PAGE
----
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Understanding natural evil

Recently, I've answered many questions from readers about God and evil. Many people wanted to know how a good and powerful God could be reconciled with the profound and proliferating instances of evil in the world. Now, the earthquake in Japan has sent shudders through our planet, and our lives, putting a bloody edge to such agonizing questions about God and goodness.

I've tried to help questioners understand that most of the evil we face is our own fault. Free will is the most common cause of our moral blindness. Our indifference to evil is usually the main reason for the spread of evil and consequent suffering.

I've tried to explain that this freedom to choose good or evil is both a blessing and a curse, whether God exists or not. Whether we're alone in the universe or the beloved creations of a loving God, we can't escape our responsibility to make the world a better place. We can't shift the burdens of our moral lives to a God who'll magically protect us from our own venality and brokenness. The work of goodness in the world is ours, not God's.

However, the earthquake in Japan reminds us of the terrifying truth that natural evil -- evil not caused by our moral failures -- is still and always will be a threat. This evil is on God.

Yes, we can say -- and I've said this myself -- that even natural evil is not really evil because it's just the natural consequence of living on top of the crust of a living planet. If the earth were a dead rock, it would not belch fire, as it's now doing in Hawaii. If the earth were dead, its tectonic plates would not shift, causing earthquakes and tsunamis, as just occurred in Japan. We live with a dangerous but living, breathing earth and any other option would mean death for all life.

I've used this defense of God for natural evil many times and still believe it's true and theologically valid, but theology is not comforting in the face of the massive destruction and death in Japan and around the North Pacific basin. It's simply foolish to say that we could have done more to predict and protect the people of northern Japan. True protection would mean evacuating all of Japan, all of California, large swaths of Latin America. Central and Southern Asia, and a thousand other places where the earth could suddenly twitch. Some natural evils we simply can't escape.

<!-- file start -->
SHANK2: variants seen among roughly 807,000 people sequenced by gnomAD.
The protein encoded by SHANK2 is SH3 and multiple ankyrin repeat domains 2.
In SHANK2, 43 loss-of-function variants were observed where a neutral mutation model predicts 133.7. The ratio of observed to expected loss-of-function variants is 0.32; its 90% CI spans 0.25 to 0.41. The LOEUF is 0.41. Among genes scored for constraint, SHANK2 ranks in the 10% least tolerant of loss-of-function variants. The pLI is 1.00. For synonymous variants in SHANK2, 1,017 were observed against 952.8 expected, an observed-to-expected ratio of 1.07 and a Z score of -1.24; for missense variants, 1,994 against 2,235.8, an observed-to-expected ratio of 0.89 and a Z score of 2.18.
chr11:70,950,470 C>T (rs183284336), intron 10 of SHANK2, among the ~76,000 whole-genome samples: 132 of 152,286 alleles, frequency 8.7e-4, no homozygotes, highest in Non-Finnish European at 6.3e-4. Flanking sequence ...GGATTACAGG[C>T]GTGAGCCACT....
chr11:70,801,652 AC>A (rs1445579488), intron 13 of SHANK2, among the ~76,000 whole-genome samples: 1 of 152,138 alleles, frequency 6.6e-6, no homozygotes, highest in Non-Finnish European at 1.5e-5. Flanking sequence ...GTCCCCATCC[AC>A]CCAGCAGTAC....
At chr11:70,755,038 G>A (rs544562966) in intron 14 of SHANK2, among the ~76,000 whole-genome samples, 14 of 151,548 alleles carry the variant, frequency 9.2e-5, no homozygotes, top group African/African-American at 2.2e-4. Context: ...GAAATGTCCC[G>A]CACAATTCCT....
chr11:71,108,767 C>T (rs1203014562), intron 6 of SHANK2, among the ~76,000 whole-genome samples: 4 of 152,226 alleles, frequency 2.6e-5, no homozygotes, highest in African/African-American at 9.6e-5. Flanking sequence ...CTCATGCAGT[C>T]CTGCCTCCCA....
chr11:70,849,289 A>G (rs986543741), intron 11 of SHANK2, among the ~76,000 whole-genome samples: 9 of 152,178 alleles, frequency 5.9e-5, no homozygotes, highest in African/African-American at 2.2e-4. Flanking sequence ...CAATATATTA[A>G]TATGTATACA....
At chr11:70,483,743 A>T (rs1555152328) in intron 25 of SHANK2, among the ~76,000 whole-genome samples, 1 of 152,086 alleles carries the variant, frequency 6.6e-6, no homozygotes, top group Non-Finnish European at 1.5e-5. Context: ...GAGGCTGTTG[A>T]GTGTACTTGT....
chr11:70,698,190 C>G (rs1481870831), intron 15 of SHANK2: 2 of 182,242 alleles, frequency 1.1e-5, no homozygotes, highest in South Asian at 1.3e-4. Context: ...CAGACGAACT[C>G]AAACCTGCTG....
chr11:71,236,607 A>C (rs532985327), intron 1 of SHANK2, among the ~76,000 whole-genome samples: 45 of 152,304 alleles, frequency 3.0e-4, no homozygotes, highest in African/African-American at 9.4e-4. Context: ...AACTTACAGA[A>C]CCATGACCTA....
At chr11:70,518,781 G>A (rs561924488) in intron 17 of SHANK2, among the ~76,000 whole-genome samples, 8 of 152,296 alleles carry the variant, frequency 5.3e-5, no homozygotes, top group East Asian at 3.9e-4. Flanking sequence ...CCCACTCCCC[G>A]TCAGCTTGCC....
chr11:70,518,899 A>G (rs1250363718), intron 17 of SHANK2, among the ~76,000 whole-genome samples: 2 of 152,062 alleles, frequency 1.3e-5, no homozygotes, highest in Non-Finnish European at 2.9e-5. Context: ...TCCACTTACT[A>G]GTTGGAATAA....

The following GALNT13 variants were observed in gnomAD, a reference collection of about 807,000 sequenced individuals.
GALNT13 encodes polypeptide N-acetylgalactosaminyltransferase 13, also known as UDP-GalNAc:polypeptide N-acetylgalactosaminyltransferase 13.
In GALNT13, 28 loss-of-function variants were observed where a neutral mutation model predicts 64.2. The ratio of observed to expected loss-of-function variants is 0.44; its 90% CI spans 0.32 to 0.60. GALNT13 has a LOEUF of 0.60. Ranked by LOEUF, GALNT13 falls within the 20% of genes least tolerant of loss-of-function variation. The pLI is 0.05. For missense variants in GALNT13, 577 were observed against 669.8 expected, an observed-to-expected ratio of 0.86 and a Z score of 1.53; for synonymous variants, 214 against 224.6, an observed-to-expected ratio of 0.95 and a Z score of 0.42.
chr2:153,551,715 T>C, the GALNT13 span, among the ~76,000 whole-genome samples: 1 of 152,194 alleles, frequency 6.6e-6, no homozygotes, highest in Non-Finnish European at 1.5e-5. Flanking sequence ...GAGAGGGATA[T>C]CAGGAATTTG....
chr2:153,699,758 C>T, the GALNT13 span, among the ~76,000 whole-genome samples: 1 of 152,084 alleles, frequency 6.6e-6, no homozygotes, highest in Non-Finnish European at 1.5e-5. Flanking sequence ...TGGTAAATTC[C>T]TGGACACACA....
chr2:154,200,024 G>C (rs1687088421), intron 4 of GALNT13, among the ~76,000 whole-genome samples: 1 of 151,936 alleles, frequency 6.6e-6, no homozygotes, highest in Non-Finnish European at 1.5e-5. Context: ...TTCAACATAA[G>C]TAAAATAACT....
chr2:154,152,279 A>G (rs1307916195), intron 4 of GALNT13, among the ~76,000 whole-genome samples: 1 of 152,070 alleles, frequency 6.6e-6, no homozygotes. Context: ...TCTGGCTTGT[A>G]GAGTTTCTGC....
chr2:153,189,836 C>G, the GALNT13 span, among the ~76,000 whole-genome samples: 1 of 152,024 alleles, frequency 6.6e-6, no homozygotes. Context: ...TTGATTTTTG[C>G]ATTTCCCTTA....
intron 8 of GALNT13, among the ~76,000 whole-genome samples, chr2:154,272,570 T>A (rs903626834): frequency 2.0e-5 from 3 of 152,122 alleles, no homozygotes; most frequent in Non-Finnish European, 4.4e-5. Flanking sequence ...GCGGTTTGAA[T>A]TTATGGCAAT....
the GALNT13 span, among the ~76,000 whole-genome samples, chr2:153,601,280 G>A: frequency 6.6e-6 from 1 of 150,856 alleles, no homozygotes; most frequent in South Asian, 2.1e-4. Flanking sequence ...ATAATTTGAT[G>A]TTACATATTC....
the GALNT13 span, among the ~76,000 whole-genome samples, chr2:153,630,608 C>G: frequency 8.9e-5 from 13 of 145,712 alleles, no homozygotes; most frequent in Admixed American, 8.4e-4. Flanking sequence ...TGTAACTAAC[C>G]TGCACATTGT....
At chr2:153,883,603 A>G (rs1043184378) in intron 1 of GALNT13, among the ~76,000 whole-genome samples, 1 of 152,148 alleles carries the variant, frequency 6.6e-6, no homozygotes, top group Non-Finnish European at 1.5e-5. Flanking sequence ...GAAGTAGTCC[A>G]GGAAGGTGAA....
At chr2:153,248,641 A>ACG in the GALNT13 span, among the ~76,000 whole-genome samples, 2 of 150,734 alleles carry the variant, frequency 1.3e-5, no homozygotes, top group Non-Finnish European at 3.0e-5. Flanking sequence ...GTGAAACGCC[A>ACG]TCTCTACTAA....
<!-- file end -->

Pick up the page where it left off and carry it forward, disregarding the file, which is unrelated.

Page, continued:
Now, my soul energies are not focused on defending God, but rather on a deeper contemplation of our arrogance and vulnerability before nature. Because we can escape into warm homes, we've foolishly come to believe we've mastered the cold. Because we enjoy our beaches, we've come to believe we're stronger than the waves. Because we can build up to the sky and calculate stresses and loads, we've come to believe our buildings can survive all of earth's tremors. Such beliefs are part of a thin fabric of illusion that we can reach the sky through our own efforts and never be struck down by the power of the earth's natural forces.

To say this simply, we are very small animals. Our only gift is that we've been given minds and souls to understand our place in the universe. We're weak, but we are aware. That awareness must always temper our pride and calm our arrogance before the overwhelming majesty and unconquerable power of what Jefferson called "Nature and Nature's God." We must embrace the paradox of our physical weakness and our spiritual audacity. If God had made us invulnerable to nature, we'd be gods. If God had taken away our divine souls, we'd be dumbfounded before the power of nature, as are all other animals on the planet. Instead, God has made us as we are, just "a little lower than the angels," yet capable of comprehending God's power and majesty in the world.


Send questions only to The God Squad, c/o Tribune Media Services, 2225 Kenmore Ave., Suite 114, Buffalo, N.Y. 14207, or e-mail them to

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